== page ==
Finally got my hands on a cheeky mojo 425. The Mojo 425 is a moderately priced reel at $360. Expensive, but not in the realm of some reels like Tibor or Hatch in this 7-9wt class. I picked this reel up for a steelhead/large trout rig. Mainly for casting large streamers and nymph rigs and also casting into wind. I haven’t had a chance to use this reel on the water yet. However, I wanted to give my initial unboxing thoughts.Cheeky is a relatively new company that debuted their first line of reels in 2008. The Mojo 425 is in their performance line of reels. They also have a more inexpensive line of reels in the Boost line and Tyro line of reels. I currently own a boost 325 on my 4wt. The boost has a smooth drag and low startup inertia. Just playing with Mojo 425 doing some strips of the line indicated to me that the drag is as smooth or smoother than the boost. The reel also seems to have a very low startup inertia, if there is any. I’m sure you’re asking yourself what is “startup inertia”. Startup inertia is the amount of energy that is required to get the reel spool moving. The higher the startup inertia, the more energy it takes for the reel to get going. A low startup inertia is essential for species where long runs are common (i.e. bonefish, permit, steelhead, salmon, stripers, tarpon etc.). Speaking of startup inertia, lets talk drag. The Mojo 425 has a larger drag knob which is a nice feature to have a on a reel for larger fish. It’s nice to have a large drag knob when playing a drag on a large fish. This becomes common once you start chucking flies in salt or hook into large salmon and steelhead.
The reel also boasts a relatively high rate of pickup due to the large arbor design. At about 13″ of line per crank. Which is great when battling big fish that you want to gain some line on. The spool itself is large enough to hold a variety of lines, I currently have mine loaded with Scientific Anglers WF7F Titan line. There is still room on the spool for plenty of backing if you choose to add more backing, which is nice when you are fishing for some permit or large steelhead. The spool is relatively easy to change with the twist of the center knob on the face of the reel. So how does the Mojo 425 stack up initially? Initially I have to say the Mojo 425 is an impressive piece of hardware. I am basing this on the comparison of two other reel brands in this class, Nautilus and Sage. I have used the Nautilus CCFX-2 in size 8/10 and 6/8. I have also used the Sage 4280. The CCFX-2 is my go to salt water reel. I have used the 8/10 and 6/8 for bonefish, permit, snook, and sea-trout in the Florida Keys. The 6/8 is a great reel for bonefish and permit (of moderate size). The line pickup on the 6/8 was great, Nautilus drags are some of the best on the market in terms of stopping power. The drag knob is large and nice to have when playing large fish. The 8/10 is another great salt reel, which I have converted to a freshwater reel for my switch rod this winter. The 8/10 has a significantly larger arbor for faster line pickup. Both the 8/10 and 6/8 have low startup inertias, smooth drags, and great stopping power. The drag knob is also a pain sometimes. Even thought he large drag knob is nice for playing fish on the drag, it is also a pain in the fact that line wrapped around the drag knob can crank the drag on accident and lower its tension. This happened to me more than once in the Keys, thankfully not with a fish on. The drag knob is a catch 22. Which I hope won’t be the case with the Mojo 425, due to it’s lower profile drag knob.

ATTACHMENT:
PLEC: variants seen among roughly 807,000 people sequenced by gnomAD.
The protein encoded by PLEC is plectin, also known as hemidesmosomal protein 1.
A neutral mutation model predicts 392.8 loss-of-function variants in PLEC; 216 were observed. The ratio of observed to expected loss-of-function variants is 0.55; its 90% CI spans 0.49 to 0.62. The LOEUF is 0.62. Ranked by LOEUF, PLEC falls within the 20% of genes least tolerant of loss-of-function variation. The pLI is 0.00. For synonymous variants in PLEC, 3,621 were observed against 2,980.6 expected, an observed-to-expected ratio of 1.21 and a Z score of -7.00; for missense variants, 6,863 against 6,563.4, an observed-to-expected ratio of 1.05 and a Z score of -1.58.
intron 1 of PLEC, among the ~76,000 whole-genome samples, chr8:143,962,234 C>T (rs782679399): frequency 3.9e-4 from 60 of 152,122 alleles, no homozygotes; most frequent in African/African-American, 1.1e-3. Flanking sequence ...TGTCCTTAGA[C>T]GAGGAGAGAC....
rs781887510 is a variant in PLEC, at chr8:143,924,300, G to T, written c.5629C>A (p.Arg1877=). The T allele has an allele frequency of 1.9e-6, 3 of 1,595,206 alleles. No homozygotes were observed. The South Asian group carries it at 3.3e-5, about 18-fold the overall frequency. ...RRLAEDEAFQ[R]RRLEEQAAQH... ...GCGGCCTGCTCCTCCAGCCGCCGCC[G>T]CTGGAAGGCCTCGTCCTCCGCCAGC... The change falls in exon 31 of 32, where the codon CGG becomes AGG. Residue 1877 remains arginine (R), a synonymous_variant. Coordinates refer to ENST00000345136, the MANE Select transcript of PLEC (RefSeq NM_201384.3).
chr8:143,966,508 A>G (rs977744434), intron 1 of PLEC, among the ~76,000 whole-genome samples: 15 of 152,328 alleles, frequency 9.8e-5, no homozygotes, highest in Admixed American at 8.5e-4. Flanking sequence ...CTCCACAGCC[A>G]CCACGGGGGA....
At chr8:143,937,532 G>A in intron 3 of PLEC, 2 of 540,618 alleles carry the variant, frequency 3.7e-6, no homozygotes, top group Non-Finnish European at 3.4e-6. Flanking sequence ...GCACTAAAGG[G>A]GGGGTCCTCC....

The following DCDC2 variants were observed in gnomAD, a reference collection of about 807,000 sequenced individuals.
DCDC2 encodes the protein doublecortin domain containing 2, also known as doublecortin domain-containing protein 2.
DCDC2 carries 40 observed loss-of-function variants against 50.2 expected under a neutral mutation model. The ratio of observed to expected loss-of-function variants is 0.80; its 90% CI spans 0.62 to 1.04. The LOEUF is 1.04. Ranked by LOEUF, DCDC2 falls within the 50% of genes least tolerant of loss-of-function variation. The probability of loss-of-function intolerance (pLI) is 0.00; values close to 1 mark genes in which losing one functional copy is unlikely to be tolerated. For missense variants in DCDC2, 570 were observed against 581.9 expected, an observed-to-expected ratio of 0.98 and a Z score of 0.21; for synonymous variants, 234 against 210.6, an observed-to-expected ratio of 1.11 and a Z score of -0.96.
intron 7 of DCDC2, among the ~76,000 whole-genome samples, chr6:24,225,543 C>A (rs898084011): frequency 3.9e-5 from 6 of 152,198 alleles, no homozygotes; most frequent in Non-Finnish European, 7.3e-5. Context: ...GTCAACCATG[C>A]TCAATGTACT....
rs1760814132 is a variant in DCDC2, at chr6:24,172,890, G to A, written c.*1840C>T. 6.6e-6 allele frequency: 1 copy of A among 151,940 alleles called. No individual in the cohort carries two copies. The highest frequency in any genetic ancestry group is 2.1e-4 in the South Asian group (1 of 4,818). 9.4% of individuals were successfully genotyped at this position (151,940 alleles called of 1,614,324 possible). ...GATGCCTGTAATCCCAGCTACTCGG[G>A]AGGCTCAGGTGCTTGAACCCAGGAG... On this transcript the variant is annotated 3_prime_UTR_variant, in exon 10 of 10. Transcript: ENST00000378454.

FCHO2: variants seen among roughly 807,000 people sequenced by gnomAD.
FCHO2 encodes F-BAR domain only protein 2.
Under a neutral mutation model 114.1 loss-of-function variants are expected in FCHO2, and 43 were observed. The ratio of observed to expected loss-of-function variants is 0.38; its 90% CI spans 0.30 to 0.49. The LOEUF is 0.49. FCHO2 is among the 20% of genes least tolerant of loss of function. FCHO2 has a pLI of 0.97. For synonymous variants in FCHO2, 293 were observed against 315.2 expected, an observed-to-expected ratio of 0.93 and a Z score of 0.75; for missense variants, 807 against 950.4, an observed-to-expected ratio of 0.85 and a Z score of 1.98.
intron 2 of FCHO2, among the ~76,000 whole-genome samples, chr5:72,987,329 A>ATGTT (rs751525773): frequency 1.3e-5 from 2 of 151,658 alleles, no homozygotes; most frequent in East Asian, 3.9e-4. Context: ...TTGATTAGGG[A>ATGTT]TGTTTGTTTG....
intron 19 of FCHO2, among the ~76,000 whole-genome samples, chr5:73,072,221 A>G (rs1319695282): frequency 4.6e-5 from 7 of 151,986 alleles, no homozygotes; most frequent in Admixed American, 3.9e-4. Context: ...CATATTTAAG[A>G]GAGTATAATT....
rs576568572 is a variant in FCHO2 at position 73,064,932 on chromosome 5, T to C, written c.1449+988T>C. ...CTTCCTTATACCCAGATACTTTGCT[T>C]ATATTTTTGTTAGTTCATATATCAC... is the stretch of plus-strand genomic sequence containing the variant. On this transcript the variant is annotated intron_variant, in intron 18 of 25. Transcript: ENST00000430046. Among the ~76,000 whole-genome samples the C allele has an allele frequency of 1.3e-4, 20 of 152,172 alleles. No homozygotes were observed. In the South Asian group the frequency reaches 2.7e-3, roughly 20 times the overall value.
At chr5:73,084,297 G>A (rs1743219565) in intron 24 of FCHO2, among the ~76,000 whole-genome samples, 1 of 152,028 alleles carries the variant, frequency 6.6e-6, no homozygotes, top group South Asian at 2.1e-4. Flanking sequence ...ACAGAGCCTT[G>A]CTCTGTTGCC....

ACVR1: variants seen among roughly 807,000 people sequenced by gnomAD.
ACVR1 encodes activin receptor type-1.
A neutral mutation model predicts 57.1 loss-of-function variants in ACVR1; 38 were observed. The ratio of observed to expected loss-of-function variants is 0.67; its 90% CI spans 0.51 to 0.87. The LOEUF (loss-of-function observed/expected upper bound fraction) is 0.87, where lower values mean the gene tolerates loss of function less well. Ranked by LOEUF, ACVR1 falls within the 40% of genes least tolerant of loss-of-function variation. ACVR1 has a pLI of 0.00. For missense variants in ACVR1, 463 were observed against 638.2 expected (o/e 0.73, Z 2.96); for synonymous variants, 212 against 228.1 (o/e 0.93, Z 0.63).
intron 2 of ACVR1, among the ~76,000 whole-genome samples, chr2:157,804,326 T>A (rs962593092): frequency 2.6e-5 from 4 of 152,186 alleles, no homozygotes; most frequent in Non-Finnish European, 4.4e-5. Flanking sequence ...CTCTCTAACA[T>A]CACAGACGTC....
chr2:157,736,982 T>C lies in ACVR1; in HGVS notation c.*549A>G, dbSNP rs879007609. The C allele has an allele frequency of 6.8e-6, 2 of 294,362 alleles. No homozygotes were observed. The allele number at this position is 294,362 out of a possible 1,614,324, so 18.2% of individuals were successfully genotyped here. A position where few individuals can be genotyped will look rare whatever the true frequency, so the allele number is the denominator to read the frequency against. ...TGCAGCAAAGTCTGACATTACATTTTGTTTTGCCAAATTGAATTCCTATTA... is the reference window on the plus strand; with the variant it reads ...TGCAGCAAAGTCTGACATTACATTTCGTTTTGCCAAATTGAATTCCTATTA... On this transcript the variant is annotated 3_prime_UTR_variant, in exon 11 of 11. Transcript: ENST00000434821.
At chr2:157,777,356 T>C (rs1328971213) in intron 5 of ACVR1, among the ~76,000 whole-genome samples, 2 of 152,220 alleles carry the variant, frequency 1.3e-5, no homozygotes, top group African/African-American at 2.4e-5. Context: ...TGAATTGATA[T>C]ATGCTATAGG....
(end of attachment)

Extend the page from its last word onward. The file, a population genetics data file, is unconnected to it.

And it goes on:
The sage 4280 has been my go to steelhead reel for about 4 years now. I have used it on my switch rod the last few seasons. The drag is ultra smooth and easy to dial in. The drag knob is not as large, but has numerical settings, which makes it great for resetting you drag if it’s bumped. The Sage 4280 is lower priced than the Cheeky and Nautilus reels. The sage comes in at $289 bucks. Which is a nice price point for those who want quality without breaking the bank. The startup inertia on this reel is slightly higher than the Nautilus CCFX-2 and the Mojo 425, but nothing that would make or break this reel being right in it with those guys
The reels are all about the same size overall. With the CCFX-2 8/10 being the largest of the 4, followed by the Mojo 425, CCFX-2 6/8, then finally the Sage 4280.
So what’s the skinny? Initially the Mojo 425 looks like a rockstar. It’s comparable to some more well known brands out there, in terms of initial observations. The true test will be on the water. After some time on the water with this reel, I will give you a complete diagnosis on what my thoughts on this reel are.